What Is A Daypack?
A daypack is a small backpack designed to carry your essential gear for a day’s planned activities.
The size of daypacks varies quite significantly, depending on the activity you intend to undertake. The more rigorous the activity, then smaller backpacks tend to be more suitable, particularly if your are running or cycling etc.
Whilst we mainly focus on daypacks for use while hiking, your daypack can be utilised for any number of activities.
What Size Is A Daypack?
Daypack sizes (capacity – normally measured in liters) varies greatly. Generally they range from the high teens (15+ liters) all the way up to almost 50 liters.
This should be your first consideration when selecting a daypack for hiking or your other outdoor activities.
To determine what size you need, run through the gear that you plan to carry. In fact it is probably a good idea to get the gear out that you intend to take, this will give you a very close estimate for the size of daypack that you will need.
Remember that you should ideally carry the following when day hiking.
- GPS or your smartphone (Navigation)
- Additional clothing layers (Wind, rain protection, warmth)
- Lighter or matches
- Water (maybe a hydration pack in your backpack)
- Sunscreen and hat
- First aid kit (Basic)
- Knife or multi-tool
Can the pack accommodate a rain jacket, another layer of clothes? How long is your trip and will it carry enough snacks and water?
These small packs are mainly designed for ultra lightweight pursuits like running, road biking and very short hikes.
The majority of this size daypack is that they are normally hydration packs as well, making them ideal for use during exercise.
Their designs tend to be compact and low-profile providing space for a handful of essentials.
These compact packs are more at the hiking, mountain biking, running or travel market.
Their slightly larger capacity allows you carry an extra layer, food and essentials for an easy day hiking and maybe even some light wet weather gear such as a rain jacket in case of light showers. Some daypacks in this range feature extra pockets allowing you to organize your gear into easily accessed areas.
The majority of hiking and travel daypacks are in the 20-35 liter capacity range. These are proving to be very popular as they are suitable for so many uses.
Many people use this size daypack daily for commuting and for work.
These backpacks allow enough room to easily hold food, clothing, with some room for some luxuries, like a camera or a book.
These packs represent the top end of the daypack range and are ideal for trips that require additional clothing and gear. Typically climbing, mountaineering or non-summer hiking require larger packs to carry enough warm clothing for changes in conditions. Often, parents who need to carry clothing and gear for their kids will choose one of these packs.
Some 36-50 liter daypacks can be used for overnights if you’ve invested in ultralight, compact gear.
The majority of daypacks are designed with top loading access. When using a top access daypack items need to be placed into the backpack in the correct order to allow easy access during your hiking trip. Items that you don’t need until the end of the day go in first into the bottom of the pack.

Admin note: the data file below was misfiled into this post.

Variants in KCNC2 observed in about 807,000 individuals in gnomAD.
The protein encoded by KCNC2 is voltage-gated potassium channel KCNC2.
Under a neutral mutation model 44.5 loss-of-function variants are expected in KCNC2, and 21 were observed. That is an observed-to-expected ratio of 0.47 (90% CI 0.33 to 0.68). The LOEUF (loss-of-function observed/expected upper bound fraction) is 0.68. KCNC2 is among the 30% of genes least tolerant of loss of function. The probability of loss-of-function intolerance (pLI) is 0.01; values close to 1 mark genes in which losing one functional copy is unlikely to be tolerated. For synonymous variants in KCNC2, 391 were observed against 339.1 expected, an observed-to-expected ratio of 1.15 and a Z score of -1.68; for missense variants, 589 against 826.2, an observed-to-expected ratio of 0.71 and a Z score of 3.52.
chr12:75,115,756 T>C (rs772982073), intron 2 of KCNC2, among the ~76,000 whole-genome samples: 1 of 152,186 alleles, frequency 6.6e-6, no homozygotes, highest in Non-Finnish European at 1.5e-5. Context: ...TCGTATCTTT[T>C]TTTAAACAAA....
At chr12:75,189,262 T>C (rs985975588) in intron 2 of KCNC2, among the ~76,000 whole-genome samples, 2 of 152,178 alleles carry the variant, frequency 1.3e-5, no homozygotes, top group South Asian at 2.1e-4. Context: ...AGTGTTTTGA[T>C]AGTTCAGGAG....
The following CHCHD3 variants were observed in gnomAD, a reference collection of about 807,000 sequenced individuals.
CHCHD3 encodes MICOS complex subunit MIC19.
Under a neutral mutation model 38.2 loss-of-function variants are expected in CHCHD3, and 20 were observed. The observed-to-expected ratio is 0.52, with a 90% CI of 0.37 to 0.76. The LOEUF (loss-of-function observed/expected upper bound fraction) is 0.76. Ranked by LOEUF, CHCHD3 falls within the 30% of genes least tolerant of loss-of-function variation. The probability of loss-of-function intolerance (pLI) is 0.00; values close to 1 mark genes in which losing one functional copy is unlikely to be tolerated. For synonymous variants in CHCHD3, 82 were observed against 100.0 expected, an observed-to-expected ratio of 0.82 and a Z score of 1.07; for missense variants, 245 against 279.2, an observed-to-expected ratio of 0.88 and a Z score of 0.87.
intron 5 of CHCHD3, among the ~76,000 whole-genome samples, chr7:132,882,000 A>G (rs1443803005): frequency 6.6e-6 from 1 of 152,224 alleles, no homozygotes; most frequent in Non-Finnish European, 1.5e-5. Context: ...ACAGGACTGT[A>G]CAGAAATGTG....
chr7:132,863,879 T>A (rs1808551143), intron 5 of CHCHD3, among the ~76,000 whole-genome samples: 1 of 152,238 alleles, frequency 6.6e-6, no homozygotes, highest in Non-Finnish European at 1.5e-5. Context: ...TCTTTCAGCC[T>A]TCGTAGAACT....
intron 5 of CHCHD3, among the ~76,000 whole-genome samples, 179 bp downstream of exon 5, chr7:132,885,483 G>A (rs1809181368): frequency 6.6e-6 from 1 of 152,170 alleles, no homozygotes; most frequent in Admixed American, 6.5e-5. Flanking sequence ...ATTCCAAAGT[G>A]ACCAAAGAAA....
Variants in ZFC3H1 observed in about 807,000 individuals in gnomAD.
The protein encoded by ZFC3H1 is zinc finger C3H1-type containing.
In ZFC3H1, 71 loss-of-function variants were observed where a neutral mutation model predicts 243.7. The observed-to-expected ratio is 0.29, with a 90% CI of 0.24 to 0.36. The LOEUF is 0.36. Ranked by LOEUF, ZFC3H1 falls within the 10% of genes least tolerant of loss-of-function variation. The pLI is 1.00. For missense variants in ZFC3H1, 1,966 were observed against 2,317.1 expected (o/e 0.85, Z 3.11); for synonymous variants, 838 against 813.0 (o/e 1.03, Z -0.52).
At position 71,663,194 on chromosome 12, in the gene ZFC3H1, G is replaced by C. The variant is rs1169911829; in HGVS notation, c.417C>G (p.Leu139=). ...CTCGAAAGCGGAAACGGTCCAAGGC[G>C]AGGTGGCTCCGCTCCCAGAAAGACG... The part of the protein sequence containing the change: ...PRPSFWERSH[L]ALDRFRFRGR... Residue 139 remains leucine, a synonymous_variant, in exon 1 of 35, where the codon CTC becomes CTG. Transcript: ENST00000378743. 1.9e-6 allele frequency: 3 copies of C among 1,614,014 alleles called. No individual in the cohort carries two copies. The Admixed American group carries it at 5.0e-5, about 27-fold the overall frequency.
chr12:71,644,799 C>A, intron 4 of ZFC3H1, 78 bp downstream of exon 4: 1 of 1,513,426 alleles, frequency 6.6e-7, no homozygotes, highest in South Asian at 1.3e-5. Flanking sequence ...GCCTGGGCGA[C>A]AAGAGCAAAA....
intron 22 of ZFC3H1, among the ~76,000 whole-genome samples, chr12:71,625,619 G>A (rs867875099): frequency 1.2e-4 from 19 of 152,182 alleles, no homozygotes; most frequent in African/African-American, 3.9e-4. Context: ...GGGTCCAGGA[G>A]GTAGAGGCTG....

Some designs have an extendable top that allows you to pack a bit more in then would otherwise be the case.
Front or ‘panel’ access backpacks offer easy access to the main storage compartment via a U or C-shaped zipper. When the zipper is fully opened, the front of the backpack opens up like a flap. This makes it easy to load and easy access when you’re searching for something.
They’re good for light hiking and travel.
Some daypacks are designed to allow access through the bottom of the backpack, into the interior in addition to the usual top or front opening access. This is handy for accessing gear or clothing at the bottom of your pack without having to take everything out first.
A handful of daypacks are even designed with a side access-point to the interior. Again this is in addition to top or front access. Side access just makes it that little bit easier getting to gear and clothing packed deep inside your pack.
Daypacks with an internal frame are designed to help support the weight you’re carrying. Some packs achieve this by the use of plastic frame-sheets that add an internal lightweight structure. Others use aluminium rods to support the load.
The more substantial the frame, the more weight the pack can typically handle, however the internal framework does add up to additional weight.
Frameless packs tend to be lightweight and compact, and they do great job of molding to the shape of your back. An added benefit of many of these frameless backpacks is that they themselves can be folded up and stowed away easily.
However, their suppleness and lack of internal frame doesn’t allow them to support weight as well. This means the frameless packs are more suited to carrying lighter loads.
Whilst hiking; like undertaking an moderate exercise it is important to ensure that you maintain adequate fluid intake. Whilst the volume of water intake required varies in proportion to the ambient temperature and the intensity of the exercise you undertake. A day’s hiking should see you start out with 2-4 litres of water to remain adequately hydrated.
This is where a hydration pack becomes handy. Rather than carrying a couple of bottles of water (that become uncomfortable) in your pack, you can easily carry a hydration pack that moulds to your body.
The majority of modern daypacks have an internal sleeve that allows you to insert a hydration reservoir. Hydration reservoirs are normally sold as a separate item.
Some daypacks include a reservoir and are typically sold as a “hydration pack”.
The correct hiking pack fit should be:
- A size appropriate for your torso length (not your overall height)
- A comfortably snug grip on your hips
You can get a friend or your partner to help you find your torso and hip size.